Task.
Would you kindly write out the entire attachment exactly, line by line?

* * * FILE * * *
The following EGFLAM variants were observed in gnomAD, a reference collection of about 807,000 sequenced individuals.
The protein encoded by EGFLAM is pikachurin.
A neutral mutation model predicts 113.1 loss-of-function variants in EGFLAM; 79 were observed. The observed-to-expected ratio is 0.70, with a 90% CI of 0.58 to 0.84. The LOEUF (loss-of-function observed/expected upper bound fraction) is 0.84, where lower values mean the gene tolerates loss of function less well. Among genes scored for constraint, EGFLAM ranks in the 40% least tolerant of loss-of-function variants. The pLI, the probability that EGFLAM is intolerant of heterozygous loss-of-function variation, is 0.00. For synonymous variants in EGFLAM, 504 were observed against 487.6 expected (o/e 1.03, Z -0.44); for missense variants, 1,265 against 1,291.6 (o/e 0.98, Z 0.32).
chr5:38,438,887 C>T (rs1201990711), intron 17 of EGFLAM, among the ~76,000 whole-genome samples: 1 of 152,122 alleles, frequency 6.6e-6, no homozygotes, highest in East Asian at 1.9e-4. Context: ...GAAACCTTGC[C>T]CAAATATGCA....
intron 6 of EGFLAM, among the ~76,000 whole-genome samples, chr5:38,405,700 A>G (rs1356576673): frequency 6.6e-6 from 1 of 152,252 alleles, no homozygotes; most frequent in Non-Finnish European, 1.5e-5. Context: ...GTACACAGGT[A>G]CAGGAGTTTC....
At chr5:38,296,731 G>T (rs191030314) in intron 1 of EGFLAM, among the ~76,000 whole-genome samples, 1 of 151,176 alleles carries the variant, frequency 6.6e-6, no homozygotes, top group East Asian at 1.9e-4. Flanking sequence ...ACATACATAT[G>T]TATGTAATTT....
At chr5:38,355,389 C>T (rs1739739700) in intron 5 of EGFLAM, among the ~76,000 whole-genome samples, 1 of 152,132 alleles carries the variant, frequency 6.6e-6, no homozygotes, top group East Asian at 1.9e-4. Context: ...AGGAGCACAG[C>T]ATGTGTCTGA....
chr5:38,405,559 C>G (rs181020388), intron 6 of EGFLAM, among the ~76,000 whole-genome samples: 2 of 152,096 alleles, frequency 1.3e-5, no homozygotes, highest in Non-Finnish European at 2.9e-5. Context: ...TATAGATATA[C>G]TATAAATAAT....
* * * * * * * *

The following EGFLAM variants were observed in gnomAD, a reference collection of about 807,000 sequenced individuals.
The protein encoded by EGFLAM is pikachurin.
A neutral mutation model predicts 113.1 loss-of-function variants in EGFLAM; 79 were observed. The observed-to-expected ratio is 0.70, with a 90% CI of 0.58 to 0.84. The LOEUF (loss-of-function observed/expected upper bound fraction) is 0.84, where lower values mean the gene tolerates loss of function less well. Among genes scored for constraint, EGFLAM ranks in the 40% least tolerant of loss-of-function variants. The pLI, the probability that EGFLAM is intolerant of heterozygous loss-of-function variation, is 0.00. For synonymous variants in EGFLAM, 504 were observed against 487.6 expected (o/e 1.03, Z -0.44); for missense variants, 1,265 against 1,291.6 (o/e 0.98, Z 0.32).
chr5:38,438,887 C>T (rs1201990711), intron 17 of EGFLAM, among the ~76,000 whole-genome samples: 1 of 152,122 alleles, frequency 6.6e-6, no homozygotes, highest in East Asian at 1.9e-4. Context: ...GAAACCTTGC[C>T]CAAATATGCA....
intron 6 of EGFLAM, among the ~76,000 whole-genome samples, chr5:38,405,700 A>G (rs1356576673): frequency 6.6e-6 from 1 of 152,252 alleles, no homozygotes; most frequent in Non-Finnish European, 1.5e-5. Context: ...GTACACAGGT[A>G]CAGGAGTTTC....
At chr5:38,296,731 G>T (rs191030314) in intron 1 of EGFLAM, among the ~76,000 whole-genome samples, 1 of 151,176 alleles carries the variant, frequency 6.6e-6, no homozygotes, top group East Asian at 1.9e-4. Flanking sequence ...ACATACATAT[G>T]TATGTAATTT....
At chr5:38,355,389 C>T (rs1739739700) in intron 5 of EGFLAM, among the ~76,000 whole-genome samples, 1 of 152,132 alleles carries the variant, frequency 6.6e-6, no homozygotes, top group East Asian at 1.9e-4. Context: ...AGGAGCACAG[C>T]ATGTGTCTGA....
chr5:38,405,559 C>G (rs181020388), intron 6 of EGFLAM, among the ~76,000 whole-genome samples: 2 of 152,096 alleles, frequency 1.3e-5, no homozygotes, highest in Non-Finnish European at 2.9e-5. Context: ...TATAGATATA[C>G]TATAAATAAT....